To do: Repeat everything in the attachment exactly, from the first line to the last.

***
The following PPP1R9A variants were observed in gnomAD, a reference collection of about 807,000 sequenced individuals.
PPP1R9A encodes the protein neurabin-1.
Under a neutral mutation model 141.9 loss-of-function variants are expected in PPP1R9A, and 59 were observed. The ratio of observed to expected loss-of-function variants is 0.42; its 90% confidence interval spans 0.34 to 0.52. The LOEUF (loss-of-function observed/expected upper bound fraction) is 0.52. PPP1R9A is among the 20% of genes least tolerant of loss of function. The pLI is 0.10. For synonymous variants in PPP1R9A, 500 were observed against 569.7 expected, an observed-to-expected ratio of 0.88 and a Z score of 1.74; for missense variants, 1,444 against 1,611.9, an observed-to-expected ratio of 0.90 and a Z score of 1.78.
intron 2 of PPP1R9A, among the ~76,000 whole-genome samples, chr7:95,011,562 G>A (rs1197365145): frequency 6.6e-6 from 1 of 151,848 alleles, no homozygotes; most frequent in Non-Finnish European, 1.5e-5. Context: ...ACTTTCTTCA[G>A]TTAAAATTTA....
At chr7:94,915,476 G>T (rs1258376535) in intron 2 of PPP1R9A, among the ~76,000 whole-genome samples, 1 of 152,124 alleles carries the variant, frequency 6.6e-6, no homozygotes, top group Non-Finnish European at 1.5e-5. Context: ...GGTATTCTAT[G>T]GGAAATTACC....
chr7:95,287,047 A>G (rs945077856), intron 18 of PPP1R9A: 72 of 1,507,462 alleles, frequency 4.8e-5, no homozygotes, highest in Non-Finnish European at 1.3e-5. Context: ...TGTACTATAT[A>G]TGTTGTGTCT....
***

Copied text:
The following PPP1R9A variants were observed in gnomAD, a reference collection of about 807,000 sequenced individuals.
PPP1R9A encodes the protein neurabin-1.
Under a neutral mutation model 141.9 loss-of-function variants are expected in PPP1R9A, and 59 were observed. The ratio of observed to expected loss-of-function variants is 0.42; its 90% confidence interval spans 0.34 to 0.52. The LOEUF (loss-of-function observed/expected upper bound fraction) is 0.52. PPP1R9A is among the 20% of genes least tolerant of loss of function. The pLI is 0.10. For synonymous variants in PPP1R9A, 500 were observed against 569.7 expected, an observed-to-expected ratio of 0.88 and a Z score of 1.74; for missense variants, 1,444 against 1,611.9, an observed-to-expected ratio of 0.90 and a Z score of 1.78.
intron 2 of PPP1R9A, among the ~76,000 whole-genome samples, chr7:95,011,562 G>A (rs1197365145): frequency 6.6e-6 from 1 of 151,848 alleles, no homozygotes; most frequent in Non-Finnish European, 1.5e-5. Context: ...ACTTTCTTCA[G>A]TTAAAATTTA....
At chr7:94,915,476 G>T (rs1258376535) in intron 2 of PPP1R9A, among the ~76,000 whole-genome samples, 1 of 152,124 alleles carries the variant, frequency 6.6e-6, no homozygotes, top group Non-Finnish European at 1.5e-5. Context: ...GGTATTCTAT[G>T]GGAAATTACC....
chr7:95,287,047 A>G (rs945077856), intron 18 of PPP1R9A: 72 of 1,507,462 alleles, frequency 4.8e-5, no homozygotes, highest in Non-Finnish European at 1.3e-5. Context: ...TGTACTATAT[A>G]TGTTGTGTCT....